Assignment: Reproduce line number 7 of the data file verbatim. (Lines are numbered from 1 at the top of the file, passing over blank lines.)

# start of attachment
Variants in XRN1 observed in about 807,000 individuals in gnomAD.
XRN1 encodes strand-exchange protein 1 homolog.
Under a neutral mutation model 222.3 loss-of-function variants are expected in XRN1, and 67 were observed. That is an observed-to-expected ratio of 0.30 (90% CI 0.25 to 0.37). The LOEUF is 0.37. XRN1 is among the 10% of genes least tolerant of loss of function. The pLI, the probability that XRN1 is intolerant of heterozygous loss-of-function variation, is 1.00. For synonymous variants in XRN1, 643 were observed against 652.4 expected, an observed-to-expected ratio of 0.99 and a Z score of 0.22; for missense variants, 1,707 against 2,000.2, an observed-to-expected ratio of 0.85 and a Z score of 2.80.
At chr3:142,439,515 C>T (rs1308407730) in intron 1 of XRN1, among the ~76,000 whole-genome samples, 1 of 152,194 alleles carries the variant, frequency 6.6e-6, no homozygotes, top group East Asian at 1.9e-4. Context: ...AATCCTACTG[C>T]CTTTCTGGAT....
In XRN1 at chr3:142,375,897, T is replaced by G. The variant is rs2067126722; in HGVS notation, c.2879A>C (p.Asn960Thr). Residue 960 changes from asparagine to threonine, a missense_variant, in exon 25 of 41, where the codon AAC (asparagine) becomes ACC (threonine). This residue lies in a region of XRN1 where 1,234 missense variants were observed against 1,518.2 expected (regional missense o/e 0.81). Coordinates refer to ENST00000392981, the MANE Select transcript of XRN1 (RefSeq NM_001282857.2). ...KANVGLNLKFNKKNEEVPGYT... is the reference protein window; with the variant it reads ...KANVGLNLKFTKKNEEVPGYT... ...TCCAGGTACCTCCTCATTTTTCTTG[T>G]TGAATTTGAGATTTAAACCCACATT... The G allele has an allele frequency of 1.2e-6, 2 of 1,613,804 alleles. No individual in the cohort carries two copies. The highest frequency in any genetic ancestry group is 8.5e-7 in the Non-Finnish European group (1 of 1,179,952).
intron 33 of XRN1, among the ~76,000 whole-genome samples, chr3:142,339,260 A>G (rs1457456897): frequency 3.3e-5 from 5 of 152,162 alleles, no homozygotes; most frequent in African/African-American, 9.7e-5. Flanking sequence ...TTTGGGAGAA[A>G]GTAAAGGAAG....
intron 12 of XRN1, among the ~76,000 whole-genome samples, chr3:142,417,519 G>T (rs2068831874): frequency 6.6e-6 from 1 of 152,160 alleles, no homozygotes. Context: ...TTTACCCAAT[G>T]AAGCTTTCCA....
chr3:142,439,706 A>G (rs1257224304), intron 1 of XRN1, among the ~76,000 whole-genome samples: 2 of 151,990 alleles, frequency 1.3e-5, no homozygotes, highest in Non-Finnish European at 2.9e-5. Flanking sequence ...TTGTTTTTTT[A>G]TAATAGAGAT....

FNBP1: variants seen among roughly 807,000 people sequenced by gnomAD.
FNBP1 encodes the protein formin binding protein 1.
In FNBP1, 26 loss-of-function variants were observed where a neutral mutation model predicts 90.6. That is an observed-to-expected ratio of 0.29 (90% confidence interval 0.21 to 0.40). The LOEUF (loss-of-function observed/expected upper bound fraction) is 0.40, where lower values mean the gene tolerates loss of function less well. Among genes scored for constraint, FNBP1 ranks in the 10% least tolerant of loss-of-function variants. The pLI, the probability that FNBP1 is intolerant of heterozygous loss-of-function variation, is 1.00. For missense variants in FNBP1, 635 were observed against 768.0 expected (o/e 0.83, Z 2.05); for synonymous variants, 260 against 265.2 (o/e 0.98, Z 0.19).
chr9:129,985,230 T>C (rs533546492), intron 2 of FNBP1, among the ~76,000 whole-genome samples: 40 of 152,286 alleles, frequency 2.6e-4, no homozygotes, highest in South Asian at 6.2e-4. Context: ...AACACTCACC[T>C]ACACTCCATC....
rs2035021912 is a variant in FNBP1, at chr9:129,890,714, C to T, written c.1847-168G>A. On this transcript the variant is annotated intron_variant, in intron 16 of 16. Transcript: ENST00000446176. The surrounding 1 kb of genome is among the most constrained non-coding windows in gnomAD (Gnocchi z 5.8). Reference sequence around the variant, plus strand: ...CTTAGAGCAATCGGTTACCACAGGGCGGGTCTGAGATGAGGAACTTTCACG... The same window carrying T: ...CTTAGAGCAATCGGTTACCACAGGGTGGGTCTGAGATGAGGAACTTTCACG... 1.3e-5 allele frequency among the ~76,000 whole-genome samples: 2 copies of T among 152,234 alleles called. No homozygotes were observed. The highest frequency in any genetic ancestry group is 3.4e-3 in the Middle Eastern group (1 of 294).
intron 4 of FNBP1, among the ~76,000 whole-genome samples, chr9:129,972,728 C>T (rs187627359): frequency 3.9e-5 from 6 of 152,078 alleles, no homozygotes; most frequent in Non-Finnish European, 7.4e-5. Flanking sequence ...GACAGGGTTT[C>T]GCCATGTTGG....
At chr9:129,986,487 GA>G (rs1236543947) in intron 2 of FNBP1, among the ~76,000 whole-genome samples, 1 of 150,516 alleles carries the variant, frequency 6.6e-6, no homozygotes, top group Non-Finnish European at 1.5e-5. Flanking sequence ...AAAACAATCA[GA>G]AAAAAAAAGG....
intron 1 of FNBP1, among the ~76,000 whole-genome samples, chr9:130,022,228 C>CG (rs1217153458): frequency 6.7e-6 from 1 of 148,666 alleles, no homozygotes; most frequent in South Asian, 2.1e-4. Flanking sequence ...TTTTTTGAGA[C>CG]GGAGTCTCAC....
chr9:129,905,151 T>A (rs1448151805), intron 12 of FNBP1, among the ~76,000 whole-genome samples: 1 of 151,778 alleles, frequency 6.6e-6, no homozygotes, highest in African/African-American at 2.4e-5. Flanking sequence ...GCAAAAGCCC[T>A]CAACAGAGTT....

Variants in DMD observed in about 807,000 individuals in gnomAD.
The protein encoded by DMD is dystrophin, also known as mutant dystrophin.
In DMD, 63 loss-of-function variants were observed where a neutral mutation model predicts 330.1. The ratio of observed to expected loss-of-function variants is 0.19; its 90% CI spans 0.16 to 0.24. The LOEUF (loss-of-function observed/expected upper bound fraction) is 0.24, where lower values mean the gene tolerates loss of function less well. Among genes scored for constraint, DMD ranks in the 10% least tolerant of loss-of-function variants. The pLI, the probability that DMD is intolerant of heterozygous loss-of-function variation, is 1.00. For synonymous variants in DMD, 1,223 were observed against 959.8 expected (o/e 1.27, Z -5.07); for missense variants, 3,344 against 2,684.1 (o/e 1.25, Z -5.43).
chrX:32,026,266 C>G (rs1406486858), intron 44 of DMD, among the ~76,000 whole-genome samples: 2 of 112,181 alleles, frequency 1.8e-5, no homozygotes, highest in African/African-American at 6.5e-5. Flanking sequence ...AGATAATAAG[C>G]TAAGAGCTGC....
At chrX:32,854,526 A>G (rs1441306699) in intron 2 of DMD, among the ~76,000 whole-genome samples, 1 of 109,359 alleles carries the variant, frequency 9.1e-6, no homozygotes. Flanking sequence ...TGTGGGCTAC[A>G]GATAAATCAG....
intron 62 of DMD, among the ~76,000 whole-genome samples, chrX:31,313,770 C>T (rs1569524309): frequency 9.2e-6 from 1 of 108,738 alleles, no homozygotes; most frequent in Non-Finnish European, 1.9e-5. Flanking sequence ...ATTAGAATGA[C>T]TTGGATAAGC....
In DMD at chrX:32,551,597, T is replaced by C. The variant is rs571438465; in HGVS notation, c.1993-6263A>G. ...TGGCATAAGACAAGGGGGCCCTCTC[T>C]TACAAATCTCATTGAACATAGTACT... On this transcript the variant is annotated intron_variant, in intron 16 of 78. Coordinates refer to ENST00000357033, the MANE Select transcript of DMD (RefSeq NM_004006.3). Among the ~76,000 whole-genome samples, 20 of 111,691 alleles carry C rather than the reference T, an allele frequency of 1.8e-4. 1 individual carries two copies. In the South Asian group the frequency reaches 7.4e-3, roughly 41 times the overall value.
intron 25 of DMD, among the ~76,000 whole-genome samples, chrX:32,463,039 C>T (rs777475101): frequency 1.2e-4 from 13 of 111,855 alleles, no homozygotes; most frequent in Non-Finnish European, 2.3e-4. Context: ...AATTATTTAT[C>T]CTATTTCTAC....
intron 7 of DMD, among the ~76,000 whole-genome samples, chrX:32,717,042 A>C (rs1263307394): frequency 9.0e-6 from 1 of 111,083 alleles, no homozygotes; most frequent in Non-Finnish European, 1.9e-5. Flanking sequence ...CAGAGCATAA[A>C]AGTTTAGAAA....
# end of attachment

intron 12 of XRN1, among the ~76,000 whole-genome samples, chr3:142,417,519 G>T (rs2068831874): frequency 6.6e-6 from 1 of 152,160 alleles, no homozygotes. Context: ...TTTACCCAAT[G>T]AAGCTTTCCA....